UK Consumers Ignore Retailer Incentives as Inflation Rises

13 August 2008

LONDON: UK inflation rose to 4.4% in July, up from 3.8% in June and more than twice the government's 2% target. The official figures have been fuelled by a record 13.7% year-on-year hike in food prices.

The spiralling cost of living is forcing shoppers to keep a firm grip on their spending, despite retailers offering massive discounts to revive conspicuous consumption.

Latest figures from the British Retail Consortium show that like-for-like sales fell 0.9% last month compared with July 2007. Total sales, which include new stores, rose 1.7%.

The results reveal negative like-for-like sales growth for four of the past five months; and between May and July like-for-like sales were 0.3% lower than the same period last year.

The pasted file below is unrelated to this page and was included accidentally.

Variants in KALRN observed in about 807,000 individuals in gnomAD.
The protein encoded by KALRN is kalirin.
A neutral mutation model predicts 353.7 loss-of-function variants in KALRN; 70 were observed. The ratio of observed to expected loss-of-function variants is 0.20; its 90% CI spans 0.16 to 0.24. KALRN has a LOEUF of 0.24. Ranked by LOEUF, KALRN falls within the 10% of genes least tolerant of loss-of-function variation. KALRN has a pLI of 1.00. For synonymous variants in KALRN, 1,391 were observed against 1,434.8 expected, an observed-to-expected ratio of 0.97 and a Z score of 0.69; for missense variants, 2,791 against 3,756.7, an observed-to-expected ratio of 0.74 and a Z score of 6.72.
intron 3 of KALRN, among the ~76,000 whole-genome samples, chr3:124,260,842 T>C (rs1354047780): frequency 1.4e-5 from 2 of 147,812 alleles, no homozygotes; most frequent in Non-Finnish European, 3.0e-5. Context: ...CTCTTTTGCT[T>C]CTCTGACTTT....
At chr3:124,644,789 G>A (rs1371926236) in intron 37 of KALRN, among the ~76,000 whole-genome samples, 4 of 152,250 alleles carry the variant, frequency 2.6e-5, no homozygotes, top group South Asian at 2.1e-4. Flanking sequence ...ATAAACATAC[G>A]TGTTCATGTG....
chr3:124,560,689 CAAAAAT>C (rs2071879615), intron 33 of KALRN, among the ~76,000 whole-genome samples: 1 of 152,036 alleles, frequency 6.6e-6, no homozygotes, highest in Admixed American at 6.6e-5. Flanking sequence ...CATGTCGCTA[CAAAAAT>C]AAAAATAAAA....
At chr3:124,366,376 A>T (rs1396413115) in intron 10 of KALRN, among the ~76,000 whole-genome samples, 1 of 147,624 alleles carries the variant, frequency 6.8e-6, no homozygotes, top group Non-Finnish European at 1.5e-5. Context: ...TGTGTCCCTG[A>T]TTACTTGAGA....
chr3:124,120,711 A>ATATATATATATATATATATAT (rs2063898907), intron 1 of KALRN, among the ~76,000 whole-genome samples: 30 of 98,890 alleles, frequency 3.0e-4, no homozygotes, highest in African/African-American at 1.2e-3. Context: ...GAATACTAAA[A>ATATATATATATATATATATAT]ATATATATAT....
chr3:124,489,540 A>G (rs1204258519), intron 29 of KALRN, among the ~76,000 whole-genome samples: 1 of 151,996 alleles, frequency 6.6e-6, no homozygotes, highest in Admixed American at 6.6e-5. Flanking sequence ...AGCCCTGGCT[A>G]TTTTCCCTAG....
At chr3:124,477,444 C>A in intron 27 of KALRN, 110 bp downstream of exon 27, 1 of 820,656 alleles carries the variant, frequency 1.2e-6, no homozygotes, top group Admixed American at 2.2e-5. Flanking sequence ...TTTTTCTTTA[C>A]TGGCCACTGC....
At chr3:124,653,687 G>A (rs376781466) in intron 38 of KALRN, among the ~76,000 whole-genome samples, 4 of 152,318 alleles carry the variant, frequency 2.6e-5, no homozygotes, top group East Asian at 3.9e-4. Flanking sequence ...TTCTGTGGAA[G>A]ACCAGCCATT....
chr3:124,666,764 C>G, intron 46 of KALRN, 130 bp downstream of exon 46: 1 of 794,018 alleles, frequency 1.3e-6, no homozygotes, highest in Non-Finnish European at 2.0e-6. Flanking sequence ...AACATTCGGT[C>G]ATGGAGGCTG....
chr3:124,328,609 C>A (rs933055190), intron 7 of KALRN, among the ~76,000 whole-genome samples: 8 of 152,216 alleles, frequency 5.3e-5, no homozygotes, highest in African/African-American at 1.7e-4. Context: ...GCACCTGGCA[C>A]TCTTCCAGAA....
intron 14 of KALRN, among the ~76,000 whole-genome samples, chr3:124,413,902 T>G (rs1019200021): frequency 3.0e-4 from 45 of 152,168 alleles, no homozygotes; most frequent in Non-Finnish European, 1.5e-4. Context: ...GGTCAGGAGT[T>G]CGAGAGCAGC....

Coments BRC director general Stephen Robertson: "Frivolous shopping is off the agenda as most customers concentrate on value and durability, and there are few signs the slowdown has yet bottomed out."

Big ticket items, such as furniture and flooring, have been hard hit, with consumers postponing such purchases or opting for basic or discounted products.

Separately, the Confederation of British Industry has warned that the UK economy is in worse shape than previously thought and has revised its 2009 economic growth from 1% to 0.4%.

Data sourced from BBC Online; additional content by WARC staff